You grew up in Miami. Was the music you were surrounded by there influence your sound today? 

My parents were definitely big music lovers. My mom was a big pop diva music lover so she listened to Whitney, Mariah Carey, Christina Aguilera, all those. And then my dad, he just followed music throughout the years. He was into every type of music. Whenever something was big, he listened to it and went on with it. Their music influences and what they listened to most definitely affected me. The funny thing was when I was younger living in Miami, I had a hispanic family, so there was always music around, but I never connected to it. I didn’t think of it. I never noticed it. Iit wasn’t until I really got older, honestly only a couple years ago, that I started to appreciate and love hispanic music and latin music and the different influences that make up Miami and the sounds and the instruments. I really love it now so much more than I did back in the day. Where I lived in Miami, I was just like I want to leave, I don’t want to be here. Now I look back and I miss Miami a lot. As we get older, we learn to appreciate things more. We mature. Now, when we go to Miami, I appreciate the city, the architecture. It’s so beautiful. It’s so full of life. There’s so much you can write about Miami. I definitely feel like it has influenced my music, at least I’m trying to have it influence my music. I’m writing songs every single day over Zoom. I’m trying to get more into my roots in Miami and my latin background. Exploring that’s what it’s all about. 

You said you’ve been writing everyday. How have you been staying inspired during quarantine?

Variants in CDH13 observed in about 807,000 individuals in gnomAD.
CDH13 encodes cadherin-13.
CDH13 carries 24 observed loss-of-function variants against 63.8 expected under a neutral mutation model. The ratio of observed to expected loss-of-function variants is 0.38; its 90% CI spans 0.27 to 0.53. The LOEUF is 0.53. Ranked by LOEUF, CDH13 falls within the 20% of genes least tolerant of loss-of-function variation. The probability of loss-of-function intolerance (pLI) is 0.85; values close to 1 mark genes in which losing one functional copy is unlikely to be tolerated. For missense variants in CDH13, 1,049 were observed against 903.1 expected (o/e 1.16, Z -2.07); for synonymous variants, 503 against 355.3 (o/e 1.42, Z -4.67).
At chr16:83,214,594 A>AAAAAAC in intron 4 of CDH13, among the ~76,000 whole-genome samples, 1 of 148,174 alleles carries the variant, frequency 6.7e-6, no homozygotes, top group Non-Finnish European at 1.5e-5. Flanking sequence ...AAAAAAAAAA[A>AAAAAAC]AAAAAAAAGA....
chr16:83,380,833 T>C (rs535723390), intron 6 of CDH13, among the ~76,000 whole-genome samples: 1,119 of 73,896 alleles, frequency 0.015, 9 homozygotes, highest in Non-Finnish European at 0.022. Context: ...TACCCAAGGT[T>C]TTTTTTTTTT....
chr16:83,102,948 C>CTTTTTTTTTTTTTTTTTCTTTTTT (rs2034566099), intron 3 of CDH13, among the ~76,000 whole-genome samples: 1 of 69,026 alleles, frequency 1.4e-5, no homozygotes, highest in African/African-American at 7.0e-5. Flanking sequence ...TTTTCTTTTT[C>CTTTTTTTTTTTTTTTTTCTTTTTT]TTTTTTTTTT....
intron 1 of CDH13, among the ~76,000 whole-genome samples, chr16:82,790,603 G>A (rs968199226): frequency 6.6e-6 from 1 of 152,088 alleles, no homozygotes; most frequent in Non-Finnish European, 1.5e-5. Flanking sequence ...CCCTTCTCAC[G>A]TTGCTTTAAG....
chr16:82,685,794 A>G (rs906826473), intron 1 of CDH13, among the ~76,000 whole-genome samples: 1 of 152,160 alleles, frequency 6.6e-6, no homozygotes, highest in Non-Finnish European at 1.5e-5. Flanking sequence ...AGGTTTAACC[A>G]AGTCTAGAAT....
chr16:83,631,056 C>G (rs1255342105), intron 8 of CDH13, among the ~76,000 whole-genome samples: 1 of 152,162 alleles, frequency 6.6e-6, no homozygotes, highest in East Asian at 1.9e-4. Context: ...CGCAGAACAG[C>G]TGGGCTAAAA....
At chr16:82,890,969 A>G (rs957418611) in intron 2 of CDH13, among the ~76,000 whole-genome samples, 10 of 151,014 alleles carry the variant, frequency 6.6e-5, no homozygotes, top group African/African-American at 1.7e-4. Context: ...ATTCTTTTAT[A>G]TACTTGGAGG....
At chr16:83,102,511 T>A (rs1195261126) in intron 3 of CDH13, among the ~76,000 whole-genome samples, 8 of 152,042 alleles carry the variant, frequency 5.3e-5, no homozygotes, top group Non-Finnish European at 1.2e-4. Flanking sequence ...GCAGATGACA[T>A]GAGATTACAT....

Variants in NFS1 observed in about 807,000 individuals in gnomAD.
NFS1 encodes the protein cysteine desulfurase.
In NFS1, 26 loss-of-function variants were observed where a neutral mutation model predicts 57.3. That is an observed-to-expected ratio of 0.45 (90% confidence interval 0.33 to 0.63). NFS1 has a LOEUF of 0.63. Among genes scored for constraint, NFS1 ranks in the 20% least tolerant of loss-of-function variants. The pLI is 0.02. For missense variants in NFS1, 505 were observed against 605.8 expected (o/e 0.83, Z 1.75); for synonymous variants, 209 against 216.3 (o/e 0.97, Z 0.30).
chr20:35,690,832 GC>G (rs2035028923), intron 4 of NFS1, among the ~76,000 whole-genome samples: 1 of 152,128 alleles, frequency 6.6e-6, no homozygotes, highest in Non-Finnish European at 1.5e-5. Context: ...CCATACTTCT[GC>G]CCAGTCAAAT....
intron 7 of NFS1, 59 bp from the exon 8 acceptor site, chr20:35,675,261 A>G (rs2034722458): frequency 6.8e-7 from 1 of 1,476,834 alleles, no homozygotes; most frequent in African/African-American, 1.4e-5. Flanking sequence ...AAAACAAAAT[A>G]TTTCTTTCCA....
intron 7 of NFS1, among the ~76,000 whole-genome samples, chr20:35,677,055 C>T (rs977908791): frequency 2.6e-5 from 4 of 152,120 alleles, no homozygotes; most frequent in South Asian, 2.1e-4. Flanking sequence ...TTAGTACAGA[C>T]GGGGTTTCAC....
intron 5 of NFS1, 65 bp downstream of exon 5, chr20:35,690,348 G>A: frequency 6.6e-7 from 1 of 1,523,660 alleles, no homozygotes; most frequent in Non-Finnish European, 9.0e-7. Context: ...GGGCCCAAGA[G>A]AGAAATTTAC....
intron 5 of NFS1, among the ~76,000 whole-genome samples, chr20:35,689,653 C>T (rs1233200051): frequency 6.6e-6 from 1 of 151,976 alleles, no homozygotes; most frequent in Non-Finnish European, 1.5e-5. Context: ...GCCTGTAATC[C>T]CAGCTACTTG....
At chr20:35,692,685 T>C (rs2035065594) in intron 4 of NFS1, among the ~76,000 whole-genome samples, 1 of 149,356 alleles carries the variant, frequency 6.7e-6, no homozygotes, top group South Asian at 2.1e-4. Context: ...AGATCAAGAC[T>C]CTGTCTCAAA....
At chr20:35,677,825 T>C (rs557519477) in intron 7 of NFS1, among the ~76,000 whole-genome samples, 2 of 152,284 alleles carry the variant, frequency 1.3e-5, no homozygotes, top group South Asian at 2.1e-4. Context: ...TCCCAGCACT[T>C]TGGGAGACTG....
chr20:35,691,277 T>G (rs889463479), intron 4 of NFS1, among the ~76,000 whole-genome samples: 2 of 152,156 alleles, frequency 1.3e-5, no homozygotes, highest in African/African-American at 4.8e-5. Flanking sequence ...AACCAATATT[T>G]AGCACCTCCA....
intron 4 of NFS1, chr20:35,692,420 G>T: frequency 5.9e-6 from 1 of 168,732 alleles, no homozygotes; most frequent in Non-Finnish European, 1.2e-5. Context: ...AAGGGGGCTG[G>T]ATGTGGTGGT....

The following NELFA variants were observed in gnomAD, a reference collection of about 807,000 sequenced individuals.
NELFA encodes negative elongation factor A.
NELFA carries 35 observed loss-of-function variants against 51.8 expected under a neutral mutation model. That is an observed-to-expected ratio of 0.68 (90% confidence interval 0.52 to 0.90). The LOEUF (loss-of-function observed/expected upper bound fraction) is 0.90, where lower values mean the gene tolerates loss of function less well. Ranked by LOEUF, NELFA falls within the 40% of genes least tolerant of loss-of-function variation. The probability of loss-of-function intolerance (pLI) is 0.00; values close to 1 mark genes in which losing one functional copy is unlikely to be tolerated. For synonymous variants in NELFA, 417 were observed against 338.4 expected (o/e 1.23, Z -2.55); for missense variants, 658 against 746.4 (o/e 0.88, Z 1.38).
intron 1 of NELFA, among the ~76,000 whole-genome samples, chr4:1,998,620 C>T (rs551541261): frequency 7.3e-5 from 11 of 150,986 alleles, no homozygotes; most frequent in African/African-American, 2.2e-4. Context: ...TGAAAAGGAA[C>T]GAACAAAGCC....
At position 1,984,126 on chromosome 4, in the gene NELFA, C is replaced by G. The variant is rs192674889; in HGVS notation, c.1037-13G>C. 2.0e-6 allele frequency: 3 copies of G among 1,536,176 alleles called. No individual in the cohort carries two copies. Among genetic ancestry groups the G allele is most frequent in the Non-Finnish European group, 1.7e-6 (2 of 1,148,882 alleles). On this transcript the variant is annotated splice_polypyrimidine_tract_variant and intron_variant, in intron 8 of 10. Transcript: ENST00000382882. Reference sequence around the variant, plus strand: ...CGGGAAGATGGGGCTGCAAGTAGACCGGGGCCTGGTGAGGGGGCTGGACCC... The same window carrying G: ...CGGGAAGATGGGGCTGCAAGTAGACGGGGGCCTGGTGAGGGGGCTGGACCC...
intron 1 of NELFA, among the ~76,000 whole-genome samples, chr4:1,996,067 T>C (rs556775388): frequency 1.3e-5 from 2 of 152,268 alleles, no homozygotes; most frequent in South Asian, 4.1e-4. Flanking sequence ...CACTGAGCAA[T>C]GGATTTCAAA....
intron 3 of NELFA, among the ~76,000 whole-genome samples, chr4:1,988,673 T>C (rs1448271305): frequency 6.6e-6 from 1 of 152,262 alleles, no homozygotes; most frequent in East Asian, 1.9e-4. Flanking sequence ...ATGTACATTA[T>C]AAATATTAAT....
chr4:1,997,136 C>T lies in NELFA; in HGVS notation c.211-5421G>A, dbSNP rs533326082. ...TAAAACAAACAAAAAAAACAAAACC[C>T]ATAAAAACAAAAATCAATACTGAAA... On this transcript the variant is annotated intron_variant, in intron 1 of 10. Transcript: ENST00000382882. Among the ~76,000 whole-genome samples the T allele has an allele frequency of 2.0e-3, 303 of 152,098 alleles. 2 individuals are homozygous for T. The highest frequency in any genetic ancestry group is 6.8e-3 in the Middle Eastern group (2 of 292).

That’s a good question. It’s definitely been a struggle. Everyday, I’m talking to my managers and A&Rs and trying to figure out what’s the next thing, what the plan is because a lot of things changed. Before Coronavirus, I was starting to plan out my live show. I was so excited for that because, like I said before, performing is what I love to do, but then Coronavirus happened and because of that everything has kind of changed. I’m keeping busy at home doing stuff for YouTube and recording and stuff like that. As far as sessions and stuff, I feel like it’s like what I said earlier, sometimes I get on and want to write about the reality, like what’s happening right now like the pain and the hurting there is beauty but what our world is going through right now, but I’m like I don’t want to write about that. I want to write about fantasy and something that I hope will come true, a dream of mine or whatever it may be. A couple days ago, I wrote a song about Frida Kahlo, so that happens when I watch a movie or a book or something I’m inspired by. When I was 15, 16, 17, I was so closed minded. I just didn’t know that I could write about anything. At that time, I wrote a lot about just being alone and empowered by myself, but I also now realize that as I’ve gotten older, there is beauty in writing about love and companionship, writing about needing people and stuff like that. I just never explored that when I was younger. I don’t know why, I just never did. 

You’ve talked about how Freddie Mercury is an inspiration of yours. What elements of Freddie Mercury and Queen’s music really inspire you?